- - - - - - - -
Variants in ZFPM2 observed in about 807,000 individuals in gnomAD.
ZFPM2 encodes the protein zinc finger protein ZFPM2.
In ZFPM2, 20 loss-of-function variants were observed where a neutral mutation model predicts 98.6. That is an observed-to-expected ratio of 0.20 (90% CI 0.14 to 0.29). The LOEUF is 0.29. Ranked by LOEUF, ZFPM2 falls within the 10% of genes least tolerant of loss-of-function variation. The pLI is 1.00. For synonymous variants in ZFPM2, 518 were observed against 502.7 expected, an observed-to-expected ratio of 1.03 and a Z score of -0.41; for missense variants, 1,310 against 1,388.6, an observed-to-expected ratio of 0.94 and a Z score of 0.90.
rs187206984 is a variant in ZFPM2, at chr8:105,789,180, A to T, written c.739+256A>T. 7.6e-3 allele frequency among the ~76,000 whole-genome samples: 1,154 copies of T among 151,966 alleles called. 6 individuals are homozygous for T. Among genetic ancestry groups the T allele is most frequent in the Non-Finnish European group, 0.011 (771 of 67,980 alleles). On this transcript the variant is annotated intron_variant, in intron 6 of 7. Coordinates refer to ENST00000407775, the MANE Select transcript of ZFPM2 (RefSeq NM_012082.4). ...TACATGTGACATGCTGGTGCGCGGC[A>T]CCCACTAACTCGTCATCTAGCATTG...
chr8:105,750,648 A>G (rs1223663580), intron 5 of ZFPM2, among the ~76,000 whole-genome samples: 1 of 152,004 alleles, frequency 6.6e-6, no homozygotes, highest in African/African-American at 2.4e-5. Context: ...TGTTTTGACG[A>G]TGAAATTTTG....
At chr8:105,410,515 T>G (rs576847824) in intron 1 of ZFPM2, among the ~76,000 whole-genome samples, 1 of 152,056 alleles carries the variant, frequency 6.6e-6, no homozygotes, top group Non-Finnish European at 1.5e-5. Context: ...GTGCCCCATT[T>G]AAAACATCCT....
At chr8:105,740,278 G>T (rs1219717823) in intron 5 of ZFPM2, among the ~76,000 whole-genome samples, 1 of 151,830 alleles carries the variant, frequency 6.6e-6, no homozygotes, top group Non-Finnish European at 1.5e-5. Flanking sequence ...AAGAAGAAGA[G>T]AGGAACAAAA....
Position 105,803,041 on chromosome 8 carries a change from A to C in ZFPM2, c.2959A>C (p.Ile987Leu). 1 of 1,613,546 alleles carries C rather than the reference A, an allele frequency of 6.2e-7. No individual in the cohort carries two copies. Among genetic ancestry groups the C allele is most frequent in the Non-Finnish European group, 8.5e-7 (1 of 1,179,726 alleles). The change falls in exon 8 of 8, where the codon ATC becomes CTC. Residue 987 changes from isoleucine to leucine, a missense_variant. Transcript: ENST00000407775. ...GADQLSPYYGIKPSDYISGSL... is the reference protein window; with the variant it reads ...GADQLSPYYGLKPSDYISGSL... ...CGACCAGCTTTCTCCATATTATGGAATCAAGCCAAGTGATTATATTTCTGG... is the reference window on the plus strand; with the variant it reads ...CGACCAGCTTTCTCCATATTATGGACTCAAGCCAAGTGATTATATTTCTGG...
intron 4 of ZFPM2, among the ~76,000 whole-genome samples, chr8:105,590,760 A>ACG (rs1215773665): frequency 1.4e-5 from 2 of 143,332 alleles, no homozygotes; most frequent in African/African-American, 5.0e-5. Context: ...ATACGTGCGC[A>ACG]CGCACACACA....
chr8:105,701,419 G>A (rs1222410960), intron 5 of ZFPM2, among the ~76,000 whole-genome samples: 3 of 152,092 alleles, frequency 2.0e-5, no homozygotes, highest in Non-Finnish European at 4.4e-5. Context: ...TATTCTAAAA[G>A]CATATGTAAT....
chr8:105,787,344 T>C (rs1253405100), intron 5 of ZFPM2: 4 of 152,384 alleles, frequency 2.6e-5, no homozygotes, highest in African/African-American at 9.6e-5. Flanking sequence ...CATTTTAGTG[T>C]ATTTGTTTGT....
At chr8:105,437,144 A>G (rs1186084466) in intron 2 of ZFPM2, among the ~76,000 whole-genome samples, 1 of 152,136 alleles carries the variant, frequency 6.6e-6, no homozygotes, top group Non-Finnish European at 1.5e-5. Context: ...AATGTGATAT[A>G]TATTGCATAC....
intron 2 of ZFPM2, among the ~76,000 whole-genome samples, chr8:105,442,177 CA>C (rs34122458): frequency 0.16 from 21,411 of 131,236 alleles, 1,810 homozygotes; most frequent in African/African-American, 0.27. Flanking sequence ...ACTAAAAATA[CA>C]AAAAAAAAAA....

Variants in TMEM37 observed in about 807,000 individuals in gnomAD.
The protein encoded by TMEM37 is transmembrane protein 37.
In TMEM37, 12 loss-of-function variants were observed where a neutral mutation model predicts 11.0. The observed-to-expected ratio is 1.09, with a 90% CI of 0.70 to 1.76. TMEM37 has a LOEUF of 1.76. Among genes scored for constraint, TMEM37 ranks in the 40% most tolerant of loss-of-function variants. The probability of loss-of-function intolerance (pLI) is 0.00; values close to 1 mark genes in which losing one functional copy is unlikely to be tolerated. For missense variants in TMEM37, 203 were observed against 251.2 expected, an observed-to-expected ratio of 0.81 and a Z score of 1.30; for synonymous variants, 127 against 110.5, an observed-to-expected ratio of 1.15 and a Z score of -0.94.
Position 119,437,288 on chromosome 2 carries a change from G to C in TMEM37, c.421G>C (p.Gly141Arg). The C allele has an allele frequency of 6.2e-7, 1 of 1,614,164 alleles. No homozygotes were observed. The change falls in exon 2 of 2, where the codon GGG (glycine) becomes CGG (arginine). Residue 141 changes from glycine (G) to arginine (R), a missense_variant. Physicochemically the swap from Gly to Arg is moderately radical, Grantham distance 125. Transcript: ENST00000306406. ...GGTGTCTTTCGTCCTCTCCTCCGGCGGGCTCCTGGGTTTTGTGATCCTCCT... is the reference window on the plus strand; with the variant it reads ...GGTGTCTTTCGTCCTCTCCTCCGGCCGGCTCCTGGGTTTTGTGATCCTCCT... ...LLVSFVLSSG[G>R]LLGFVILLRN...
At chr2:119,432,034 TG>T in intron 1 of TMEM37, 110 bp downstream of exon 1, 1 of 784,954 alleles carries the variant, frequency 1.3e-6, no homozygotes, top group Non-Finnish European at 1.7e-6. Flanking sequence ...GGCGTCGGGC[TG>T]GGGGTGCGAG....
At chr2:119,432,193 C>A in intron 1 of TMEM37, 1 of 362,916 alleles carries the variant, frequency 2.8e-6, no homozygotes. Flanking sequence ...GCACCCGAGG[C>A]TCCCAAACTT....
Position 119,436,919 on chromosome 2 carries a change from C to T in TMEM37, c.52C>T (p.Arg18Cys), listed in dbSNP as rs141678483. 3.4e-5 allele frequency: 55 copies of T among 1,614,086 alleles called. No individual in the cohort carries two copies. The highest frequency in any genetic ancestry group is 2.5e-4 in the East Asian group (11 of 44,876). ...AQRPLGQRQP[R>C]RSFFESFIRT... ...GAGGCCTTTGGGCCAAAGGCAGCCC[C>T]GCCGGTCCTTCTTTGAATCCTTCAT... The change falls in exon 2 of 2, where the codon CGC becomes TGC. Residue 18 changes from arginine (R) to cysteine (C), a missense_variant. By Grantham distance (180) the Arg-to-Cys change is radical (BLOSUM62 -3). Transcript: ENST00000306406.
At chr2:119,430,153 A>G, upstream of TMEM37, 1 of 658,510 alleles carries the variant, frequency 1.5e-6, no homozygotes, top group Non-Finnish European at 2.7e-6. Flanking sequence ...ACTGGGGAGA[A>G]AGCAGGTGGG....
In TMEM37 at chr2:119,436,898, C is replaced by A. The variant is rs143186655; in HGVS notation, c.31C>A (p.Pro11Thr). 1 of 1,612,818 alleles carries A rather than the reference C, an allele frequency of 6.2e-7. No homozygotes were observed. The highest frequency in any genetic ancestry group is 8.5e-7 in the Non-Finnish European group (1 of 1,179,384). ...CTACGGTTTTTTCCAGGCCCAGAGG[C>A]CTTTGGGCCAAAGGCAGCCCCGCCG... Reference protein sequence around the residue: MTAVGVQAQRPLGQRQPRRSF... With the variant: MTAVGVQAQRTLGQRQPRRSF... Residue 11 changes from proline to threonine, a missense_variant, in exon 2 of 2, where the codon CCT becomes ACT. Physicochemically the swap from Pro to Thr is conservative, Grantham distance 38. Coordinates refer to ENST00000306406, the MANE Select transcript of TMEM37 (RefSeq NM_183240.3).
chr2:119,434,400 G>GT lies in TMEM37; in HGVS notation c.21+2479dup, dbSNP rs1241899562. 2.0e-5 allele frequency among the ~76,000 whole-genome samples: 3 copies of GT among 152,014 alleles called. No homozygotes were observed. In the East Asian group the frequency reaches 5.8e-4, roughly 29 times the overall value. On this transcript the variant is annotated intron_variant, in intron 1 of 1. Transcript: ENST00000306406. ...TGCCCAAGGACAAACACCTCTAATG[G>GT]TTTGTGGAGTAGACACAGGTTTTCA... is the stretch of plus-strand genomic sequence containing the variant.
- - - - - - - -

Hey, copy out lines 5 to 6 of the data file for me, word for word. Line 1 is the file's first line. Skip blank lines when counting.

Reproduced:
chr8:105,750,648 A>G (rs1223663580), intron 5 of ZFPM2, among the ~76,000 whole-genome samples: 1 of 152,004 alleles, frequency 6.6e-6, no homozygotes, highest in African/African-American at 2.4e-5. Context: ...TGTTTTGACG[A>G]TGAAATTTTG....
At chr8:105,410,515 T>G (rs576847824) in intron 1 of ZFPM2, among the ~76,000 whole-genome samples, 1 of 152,056 alleles carries the variant, frequency 6.6e-6, no homozygotes, top group Non-Finnish European at 1.5e-5. Context: ...GTGCCCCATT[T>G]AAAACATCCT....